It took Amy only a few minutes to make up her mind: I've got absolutely nothing in common with this guy. She wasn't sure why, but she was convinced. Was it his two-day stubble? The tattered jeans? Perhaps the way he stared at her while they talked? In any case, after a mere five minutes Amy was already wishing she had never agreed to this blind date with Andy. Now she would have to spend several hours in a bar with a guy who didn't understand why sports don't do it for her and why she prefers to read. I know his type, she sighed to herself. Conceited, careless. I'll bet he's going to tell me all about rock climbing and what a success he is. This is going to be a long evening.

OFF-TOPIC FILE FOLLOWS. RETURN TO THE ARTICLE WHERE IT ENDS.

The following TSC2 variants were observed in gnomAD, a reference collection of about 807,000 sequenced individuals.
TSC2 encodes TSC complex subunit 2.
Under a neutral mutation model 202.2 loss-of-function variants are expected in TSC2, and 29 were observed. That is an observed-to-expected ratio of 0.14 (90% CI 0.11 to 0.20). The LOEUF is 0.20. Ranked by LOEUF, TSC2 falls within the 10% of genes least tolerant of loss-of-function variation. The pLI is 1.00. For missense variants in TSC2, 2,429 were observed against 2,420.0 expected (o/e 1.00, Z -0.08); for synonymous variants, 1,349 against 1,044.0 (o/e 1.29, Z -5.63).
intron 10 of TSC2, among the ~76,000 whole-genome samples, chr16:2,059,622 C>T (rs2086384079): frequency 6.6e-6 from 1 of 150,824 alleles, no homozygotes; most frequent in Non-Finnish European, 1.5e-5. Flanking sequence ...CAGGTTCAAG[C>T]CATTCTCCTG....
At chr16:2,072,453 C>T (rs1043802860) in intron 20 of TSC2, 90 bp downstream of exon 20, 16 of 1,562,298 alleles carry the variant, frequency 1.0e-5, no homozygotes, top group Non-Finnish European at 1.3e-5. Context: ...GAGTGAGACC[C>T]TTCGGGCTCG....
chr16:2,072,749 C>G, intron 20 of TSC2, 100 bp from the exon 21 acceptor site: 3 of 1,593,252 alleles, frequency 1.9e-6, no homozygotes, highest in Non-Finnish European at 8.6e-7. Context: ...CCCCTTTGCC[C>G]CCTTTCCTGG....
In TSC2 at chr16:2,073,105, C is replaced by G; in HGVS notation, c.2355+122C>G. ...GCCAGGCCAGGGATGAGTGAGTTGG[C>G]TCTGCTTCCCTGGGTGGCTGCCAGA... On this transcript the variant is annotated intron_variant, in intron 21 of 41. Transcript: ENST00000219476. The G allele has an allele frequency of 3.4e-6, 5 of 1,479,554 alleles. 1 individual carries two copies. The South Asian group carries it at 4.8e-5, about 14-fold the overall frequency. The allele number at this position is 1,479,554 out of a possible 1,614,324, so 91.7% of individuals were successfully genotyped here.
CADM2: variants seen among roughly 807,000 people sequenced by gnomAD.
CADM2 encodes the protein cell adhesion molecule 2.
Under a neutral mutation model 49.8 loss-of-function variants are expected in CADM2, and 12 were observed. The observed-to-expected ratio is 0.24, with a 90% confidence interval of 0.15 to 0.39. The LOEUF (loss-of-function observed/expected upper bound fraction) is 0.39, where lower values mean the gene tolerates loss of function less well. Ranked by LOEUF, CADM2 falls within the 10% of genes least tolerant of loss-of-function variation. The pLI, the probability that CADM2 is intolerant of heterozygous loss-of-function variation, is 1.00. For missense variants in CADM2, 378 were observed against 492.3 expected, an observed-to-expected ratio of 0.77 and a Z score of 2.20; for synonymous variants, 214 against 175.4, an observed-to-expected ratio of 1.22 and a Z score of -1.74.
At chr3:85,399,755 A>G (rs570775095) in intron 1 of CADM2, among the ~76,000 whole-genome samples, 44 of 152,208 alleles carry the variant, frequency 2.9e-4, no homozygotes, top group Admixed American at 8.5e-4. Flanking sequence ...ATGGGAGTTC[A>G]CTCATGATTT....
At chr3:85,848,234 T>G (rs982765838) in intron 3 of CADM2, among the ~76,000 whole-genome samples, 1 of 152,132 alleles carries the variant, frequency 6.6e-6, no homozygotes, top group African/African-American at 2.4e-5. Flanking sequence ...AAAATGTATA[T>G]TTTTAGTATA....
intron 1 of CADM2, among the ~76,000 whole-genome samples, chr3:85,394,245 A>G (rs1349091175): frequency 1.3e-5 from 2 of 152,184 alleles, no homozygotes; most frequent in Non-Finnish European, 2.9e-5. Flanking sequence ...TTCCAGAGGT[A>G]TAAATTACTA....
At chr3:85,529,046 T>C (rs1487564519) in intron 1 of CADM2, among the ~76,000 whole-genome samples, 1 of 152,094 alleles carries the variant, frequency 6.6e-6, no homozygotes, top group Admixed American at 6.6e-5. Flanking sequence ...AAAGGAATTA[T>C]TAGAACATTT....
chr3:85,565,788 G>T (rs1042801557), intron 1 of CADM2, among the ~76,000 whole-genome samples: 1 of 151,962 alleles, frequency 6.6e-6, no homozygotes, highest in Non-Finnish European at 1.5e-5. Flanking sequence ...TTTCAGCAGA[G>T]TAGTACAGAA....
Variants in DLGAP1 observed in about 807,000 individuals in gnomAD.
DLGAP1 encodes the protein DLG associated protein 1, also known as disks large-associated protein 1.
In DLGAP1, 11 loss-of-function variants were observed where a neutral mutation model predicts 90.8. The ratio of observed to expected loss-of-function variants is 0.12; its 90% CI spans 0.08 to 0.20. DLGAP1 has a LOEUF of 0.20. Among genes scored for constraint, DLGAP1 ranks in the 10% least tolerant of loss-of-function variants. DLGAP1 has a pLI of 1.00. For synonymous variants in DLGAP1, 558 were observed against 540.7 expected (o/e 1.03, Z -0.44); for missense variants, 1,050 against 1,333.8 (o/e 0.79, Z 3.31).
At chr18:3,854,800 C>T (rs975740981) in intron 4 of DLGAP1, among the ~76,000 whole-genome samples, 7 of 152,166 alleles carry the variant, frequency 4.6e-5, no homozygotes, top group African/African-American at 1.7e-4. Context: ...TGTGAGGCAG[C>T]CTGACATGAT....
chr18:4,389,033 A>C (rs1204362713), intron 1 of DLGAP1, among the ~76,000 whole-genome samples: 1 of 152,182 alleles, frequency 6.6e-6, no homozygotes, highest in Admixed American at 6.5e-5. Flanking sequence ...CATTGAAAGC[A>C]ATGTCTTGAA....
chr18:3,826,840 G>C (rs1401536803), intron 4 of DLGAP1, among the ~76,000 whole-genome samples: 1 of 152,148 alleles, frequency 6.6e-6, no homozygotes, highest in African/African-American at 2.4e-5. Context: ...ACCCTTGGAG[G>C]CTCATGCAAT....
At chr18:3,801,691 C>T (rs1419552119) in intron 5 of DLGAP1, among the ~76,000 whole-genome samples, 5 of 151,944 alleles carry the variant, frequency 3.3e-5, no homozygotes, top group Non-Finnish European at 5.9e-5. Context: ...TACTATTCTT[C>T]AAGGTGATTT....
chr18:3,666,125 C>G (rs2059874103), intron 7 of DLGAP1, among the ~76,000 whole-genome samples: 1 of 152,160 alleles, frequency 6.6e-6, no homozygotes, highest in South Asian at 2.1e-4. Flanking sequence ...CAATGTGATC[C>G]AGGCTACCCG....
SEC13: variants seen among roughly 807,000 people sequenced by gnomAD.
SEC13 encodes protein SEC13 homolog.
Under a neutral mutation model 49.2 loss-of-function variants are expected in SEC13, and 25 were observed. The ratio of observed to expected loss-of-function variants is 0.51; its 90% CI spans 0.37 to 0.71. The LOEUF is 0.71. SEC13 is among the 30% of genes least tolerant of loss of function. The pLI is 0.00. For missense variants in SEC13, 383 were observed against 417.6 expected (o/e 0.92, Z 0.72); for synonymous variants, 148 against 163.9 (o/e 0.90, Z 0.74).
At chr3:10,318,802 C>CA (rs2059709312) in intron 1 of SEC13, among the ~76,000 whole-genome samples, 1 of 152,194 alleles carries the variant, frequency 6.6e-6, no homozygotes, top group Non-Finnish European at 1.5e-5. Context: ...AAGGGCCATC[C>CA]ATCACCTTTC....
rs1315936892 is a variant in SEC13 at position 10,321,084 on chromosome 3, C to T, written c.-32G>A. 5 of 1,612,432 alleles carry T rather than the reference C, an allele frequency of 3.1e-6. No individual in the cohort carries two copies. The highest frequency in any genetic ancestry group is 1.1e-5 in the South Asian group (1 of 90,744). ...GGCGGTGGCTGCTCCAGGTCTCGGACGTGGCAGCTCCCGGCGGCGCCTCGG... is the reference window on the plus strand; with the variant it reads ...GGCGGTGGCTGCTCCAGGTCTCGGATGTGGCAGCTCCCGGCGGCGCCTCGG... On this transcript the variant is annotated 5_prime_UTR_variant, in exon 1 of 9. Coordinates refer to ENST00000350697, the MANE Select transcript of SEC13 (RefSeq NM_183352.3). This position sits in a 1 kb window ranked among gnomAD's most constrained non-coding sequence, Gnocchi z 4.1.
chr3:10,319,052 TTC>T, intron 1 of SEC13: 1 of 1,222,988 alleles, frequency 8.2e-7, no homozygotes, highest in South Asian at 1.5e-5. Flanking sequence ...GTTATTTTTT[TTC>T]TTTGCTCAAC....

Is Amy right? Or has she misjudged? After all, for decades psychologists have told us that people should not rate others based on looks or first impressions--we should not judge a book by its cover. Too often we subconsciously or even consciously adhere to stereotypes. To Amy, stubble represents laziness and torn jeans sloppiness and immaturity, and together they perhaps belie a guy who is trying too hard to look casually cool when a shave and slacks would do much better. And Andy's excessive talk about sports shows that he is just another guy who is self-absorbed with his own machismo. Yet social psychologists have warned that such compartmentalized thinking closes our minds and distorts our vision of reality. We also tend to generalize about a person's character from his behavior in a particular situation. If a cashier looks dour, we may conclude that he probably hates people. Researchers call such unjustified conclusions fundamental attribution errors.